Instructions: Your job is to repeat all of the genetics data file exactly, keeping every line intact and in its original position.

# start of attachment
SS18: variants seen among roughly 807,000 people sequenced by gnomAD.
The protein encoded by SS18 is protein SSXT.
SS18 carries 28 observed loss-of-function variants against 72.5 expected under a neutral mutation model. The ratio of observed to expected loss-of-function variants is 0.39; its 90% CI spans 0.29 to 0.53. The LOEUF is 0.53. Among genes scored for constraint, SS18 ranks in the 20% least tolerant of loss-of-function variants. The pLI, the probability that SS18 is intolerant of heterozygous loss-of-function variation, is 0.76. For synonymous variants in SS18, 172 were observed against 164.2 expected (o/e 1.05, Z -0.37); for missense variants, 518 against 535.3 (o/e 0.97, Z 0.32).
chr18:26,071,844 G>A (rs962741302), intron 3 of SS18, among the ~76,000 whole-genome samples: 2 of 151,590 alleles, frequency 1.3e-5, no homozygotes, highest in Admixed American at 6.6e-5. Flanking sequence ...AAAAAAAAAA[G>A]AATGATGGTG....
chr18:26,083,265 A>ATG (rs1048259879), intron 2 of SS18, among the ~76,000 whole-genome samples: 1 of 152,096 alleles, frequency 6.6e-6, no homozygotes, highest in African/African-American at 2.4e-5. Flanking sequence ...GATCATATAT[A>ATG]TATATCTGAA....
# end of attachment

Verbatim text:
SS18: variants seen among roughly 807,000 people sequenced by gnomAD.
The protein encoded by SS18 is protein SSXT.
SS18 carries 28 observed loss-of-function variants against 72.5 expected under a neutral mutation model. The ratio of observed to expected loss-of-function variants is 0.39; its 90% CI spans 0.29 to 0.53. The LOEUF is 0.53. Among genes scored for constraint, SS18 ranks in the 20% least tolerant of loss-of-function variants. The pLI, the probability that SS18 is intolerant of heterozygous loss-of-function variation, is 0.76. For synonymous variants in SS18, 172 were observed against 164.2 expected (o/e 1.05, Z -0.37); for missense variants, 518 against 535.3 (o/e 0.97, Z 0.32).
chr18:26,071,844 G>A (rs962741302), intron 3 of SS18, among the ~76,000 whole-genome samples: 2 of 151,590 alleles, frequency 1.3e-5, no homozygotes, highest in Admixed American at 6.6e-5. Flanking sequence ...AAAAAAAAAA[G>A]AATGATGGTG....
chr18:26,083,265 A>ATG (rs1048259879), intron 2 of SS18, among the ~76,000 whole-genome samples: 1 of 152,096 alleles, frequency 6.6e-6, no homozygotes, highest in African/African-American at 2.4e-5. Flanking sequence ...GATCATATAT[A>ATG]TATATCTGAA....